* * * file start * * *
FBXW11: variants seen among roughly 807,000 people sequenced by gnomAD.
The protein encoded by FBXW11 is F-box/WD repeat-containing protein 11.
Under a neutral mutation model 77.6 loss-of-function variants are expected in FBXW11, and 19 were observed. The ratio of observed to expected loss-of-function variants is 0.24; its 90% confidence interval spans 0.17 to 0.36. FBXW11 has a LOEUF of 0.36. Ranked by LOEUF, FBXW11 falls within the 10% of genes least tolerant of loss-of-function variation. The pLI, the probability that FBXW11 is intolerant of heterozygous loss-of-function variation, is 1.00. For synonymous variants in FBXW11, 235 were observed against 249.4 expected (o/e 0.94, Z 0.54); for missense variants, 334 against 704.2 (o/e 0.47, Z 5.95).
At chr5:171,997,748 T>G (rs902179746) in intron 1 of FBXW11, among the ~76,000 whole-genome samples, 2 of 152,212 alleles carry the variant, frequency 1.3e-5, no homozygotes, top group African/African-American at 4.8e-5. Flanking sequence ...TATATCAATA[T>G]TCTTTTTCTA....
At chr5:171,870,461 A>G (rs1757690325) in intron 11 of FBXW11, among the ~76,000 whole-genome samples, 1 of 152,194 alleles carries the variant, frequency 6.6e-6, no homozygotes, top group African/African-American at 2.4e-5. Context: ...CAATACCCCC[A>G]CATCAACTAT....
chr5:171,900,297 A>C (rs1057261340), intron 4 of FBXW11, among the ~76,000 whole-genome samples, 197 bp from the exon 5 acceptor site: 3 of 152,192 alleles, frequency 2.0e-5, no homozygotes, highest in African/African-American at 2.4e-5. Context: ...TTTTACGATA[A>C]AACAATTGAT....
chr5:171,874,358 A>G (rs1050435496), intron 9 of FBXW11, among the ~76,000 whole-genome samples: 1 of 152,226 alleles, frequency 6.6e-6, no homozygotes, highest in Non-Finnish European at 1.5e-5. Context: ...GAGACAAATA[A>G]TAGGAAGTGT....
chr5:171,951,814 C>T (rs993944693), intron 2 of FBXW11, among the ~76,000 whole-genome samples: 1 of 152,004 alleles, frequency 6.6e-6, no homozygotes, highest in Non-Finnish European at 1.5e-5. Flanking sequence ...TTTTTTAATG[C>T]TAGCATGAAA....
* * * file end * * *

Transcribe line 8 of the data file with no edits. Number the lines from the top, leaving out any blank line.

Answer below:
chr5:171,951,814 C>T (rs993944693), intron 2 of FBXW11, among the ~76,000 whole-genome samples: 1 of 152,004 alleles, frequency 6.6e-6, no homozygotes, highest in Non-Finnish European at 1.5e-5. Flanking sequence ...TTTTTTAATG[C>T]TAGCATGAAA....